1/30/2010 0 Comments
Heaping it All on the Altar
I will not even pretend to understand the story of Abraham going up to sacrifice Isaac in Genesis 22. I love faith to make sense. I love God to make sense. I love very clear right/wrong/black/white stories where good prevails and never disguises as bad, where people are better at the end, and where people don't sacrifice their children! Needless to say, regardless of how many times I hear sermons or read commentary on Abraham and Isaac, I still don't like it.
I don't understand all the implications of what God did. But I am experiencing what Abraham must have (on a much smaller scale!) when God said "Take now your son, your only son Isaac, whom you love, and go to the land of Moriah, and offer him there as a burnt offering on one of the mountains of which I shall tell you." Genesis 22:2
As S. and I have journeyed through highs and lows during his sabbatical, we've had some distinct days. The past 3 days have been distinct because we have both felt God asking us to 'lay on the altar' dreams that we have thought are placed in our hearts from him. As we have been asking, "What season do you have for us right now, Lord?" He has clearly shown us He has much to do in our little family of 5 and that some other priorities, while perhaps noble, need to take a back seat.
This month I completed our classes for foster-to-adopt and am more excited than ever. We have paperwork and a homestudy to finish but much of the work is done. Yet within the last few days I have come back to this story of Isaac, knowing I need to come to a place once again where I can say, "Lord, you are enough. If these heart's desires of mine are never filled I can trust you to still bring me to my highest aim of obedience and holiness." Isaac was God's gift to Abraham but Abraham was still required to hold loosely to the gift & keep his face on the Giver.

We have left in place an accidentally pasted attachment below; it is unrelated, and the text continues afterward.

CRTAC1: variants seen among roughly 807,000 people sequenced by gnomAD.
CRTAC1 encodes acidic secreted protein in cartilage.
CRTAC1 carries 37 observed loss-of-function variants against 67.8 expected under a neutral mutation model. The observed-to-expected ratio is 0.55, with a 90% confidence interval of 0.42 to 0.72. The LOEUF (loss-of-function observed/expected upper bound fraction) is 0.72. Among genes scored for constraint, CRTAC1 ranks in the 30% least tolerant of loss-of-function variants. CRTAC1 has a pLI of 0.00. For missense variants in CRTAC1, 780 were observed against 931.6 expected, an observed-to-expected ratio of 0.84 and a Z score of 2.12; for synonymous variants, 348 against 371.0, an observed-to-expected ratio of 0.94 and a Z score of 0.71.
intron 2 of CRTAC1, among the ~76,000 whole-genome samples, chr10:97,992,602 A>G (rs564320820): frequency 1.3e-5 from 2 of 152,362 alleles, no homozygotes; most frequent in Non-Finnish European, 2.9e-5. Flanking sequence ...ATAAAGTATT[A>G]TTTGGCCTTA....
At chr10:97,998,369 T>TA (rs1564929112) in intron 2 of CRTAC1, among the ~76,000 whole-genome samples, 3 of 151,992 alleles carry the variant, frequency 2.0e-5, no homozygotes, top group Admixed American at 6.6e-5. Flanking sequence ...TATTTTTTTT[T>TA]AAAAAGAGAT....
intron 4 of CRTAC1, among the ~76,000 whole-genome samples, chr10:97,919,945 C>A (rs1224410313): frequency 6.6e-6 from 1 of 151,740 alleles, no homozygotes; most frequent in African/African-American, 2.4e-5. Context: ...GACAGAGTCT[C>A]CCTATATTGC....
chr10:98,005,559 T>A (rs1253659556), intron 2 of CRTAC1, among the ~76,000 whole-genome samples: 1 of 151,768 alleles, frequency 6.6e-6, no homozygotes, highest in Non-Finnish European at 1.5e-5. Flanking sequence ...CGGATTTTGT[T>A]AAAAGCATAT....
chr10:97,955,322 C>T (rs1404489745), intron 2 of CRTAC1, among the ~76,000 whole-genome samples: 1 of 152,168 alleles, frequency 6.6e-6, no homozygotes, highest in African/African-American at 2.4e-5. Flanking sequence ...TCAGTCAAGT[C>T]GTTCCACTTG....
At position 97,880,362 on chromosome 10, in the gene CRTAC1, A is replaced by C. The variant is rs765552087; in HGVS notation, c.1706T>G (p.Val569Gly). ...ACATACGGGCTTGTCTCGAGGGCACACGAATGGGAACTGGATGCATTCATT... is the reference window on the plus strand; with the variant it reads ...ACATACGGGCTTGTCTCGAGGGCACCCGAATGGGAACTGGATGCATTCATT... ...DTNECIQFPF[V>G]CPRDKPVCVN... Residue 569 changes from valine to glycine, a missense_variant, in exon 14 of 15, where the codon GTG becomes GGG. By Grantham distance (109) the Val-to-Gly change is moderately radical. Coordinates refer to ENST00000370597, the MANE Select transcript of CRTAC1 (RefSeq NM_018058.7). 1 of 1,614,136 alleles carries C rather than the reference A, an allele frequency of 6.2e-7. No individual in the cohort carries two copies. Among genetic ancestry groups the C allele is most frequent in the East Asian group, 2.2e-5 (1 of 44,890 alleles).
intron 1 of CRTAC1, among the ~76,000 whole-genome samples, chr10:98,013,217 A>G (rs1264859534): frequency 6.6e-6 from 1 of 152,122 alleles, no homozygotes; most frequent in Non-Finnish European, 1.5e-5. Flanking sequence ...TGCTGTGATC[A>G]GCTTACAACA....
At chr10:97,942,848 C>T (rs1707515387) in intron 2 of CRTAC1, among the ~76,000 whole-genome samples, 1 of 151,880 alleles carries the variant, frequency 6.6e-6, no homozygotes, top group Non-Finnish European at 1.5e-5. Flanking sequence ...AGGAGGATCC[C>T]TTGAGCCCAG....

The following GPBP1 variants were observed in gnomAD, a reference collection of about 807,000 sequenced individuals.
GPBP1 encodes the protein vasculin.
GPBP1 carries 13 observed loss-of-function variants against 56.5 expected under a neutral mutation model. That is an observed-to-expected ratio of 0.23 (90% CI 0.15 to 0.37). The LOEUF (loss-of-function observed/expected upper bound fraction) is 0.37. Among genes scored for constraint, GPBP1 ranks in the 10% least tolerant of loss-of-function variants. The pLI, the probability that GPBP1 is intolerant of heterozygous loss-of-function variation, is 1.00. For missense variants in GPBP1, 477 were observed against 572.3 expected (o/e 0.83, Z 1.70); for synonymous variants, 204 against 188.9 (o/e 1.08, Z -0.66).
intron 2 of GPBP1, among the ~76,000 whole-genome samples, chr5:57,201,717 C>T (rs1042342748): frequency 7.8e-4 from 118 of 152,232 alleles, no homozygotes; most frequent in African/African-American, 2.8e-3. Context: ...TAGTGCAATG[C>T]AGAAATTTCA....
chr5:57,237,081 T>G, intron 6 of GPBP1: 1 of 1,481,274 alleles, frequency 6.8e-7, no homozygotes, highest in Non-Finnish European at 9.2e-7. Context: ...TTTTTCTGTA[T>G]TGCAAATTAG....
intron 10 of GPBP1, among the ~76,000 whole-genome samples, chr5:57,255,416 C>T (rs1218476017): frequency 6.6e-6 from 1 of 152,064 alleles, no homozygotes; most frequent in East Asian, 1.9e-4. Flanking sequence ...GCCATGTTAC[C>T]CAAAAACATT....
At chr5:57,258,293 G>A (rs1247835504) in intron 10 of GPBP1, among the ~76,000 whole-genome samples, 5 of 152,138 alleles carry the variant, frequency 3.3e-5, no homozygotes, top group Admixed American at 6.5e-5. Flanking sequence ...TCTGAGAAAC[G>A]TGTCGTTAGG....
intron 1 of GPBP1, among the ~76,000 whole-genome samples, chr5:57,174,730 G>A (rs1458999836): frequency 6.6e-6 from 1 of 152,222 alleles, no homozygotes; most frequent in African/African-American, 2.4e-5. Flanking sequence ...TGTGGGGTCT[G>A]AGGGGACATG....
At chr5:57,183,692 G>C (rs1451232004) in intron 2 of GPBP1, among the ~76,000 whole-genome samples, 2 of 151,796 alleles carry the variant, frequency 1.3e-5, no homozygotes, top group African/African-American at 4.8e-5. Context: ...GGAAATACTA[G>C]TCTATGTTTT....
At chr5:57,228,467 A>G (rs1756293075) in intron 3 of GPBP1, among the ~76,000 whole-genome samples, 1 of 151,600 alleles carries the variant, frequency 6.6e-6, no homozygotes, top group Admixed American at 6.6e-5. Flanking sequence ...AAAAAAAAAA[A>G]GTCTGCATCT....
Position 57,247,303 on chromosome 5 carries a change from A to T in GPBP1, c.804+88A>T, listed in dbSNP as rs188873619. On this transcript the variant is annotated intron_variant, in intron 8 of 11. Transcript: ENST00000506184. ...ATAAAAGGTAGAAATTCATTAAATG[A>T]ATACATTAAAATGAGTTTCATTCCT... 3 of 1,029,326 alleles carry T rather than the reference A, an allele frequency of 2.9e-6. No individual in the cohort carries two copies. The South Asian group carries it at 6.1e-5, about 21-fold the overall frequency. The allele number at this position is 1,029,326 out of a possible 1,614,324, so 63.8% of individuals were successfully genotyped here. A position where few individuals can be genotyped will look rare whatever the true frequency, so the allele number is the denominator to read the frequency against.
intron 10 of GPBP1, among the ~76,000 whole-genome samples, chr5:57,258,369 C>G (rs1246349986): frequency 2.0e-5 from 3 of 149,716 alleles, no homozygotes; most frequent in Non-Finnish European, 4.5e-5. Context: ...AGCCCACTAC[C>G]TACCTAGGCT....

Yesterday S. came to the same crossroads with one of his ministry passions; Big Oak. He is hoping that the Lord will add it back to him but knows that the Lord is asking him today to lay it on the altar.
We need to be in a place to say "we aren't defined by ministry. We aren't defined by what we seek (even if it is from God), we aren't defined by our circumstances, we aren't defined by people who think they need us." It's easy to say our identity is in Christ. It's easy to claim we do it all for His glory. But can we still glorify Him if He strips it all? When we stand feeling like all we've worked for is dust and we can't think of a single dream still in us... can we glorify Him? S. told me "I'm praying for God to dream for me." Oh, that's hard for a man bent on too many creative visions to complete in one lifetime! Yet this is the process of being "found in Him". Not "with Him" not "agreeing with His principles", not "found doing His work" but simply "found in Him."
Even if we hope God might add our dreams back to us, it doesn't alleviate the deep sadness as we are splitting the wood for the burnt offering. I know God already knew Abraham's heart and how he would respond. However, Abrahammight not have known his own heart and his own response. Perhaps it took physically laying his son down on an altar to himself realize God is sufficient and worthy of ALL sacrifice.
Then the Angel of the Lord called to Abraham a second time out of heaven, and said; "By Myself I have sworn, says the Lord, because you have done this thing, and not withheld your son, your only son- blessing I will bless you, and multiplying I will multiply your descendants as the stars of the heaven and as the sand which is on the seashore; and your descendants shall possess the gate of their enemies. In your seed all the nations of the earth shall be blessed, because you have obeyed My voice." Genesis 22:16-18
I have concluded that some of the things that God is calling us to lay on the altar will burn and never come back to us. As painful as that is- good. Burn away if it isn't His best! I am so ready to set on fire the garbage that has been clawing at our hearts. I'm also hopeful that some things we have on the altar will be spared as we lift the knife up- that we will discover they are God's gifts intended for us and unspoiled.
I know Abraham must have been relieved, surprised, then elated that God intervened and provided a ram to slaughter. In fact, he named the place "The Lord will Provide" (Yireh). I wonder if his elation was not only at his son's survival but at the realization of his own depth of faith. Abraham was able to say "I thought I knew who my trust was in. Now I truly know who my trust is in." He must have felt freedom and exhilaration in that moment.
God is sufficient. He is worthy of ALL sacrifice. I am confident we will look back at this season of wrestling, praying, bringing things to the altar, and say "I thought I knew who my trust was in. Now I truly know who my trust is in."
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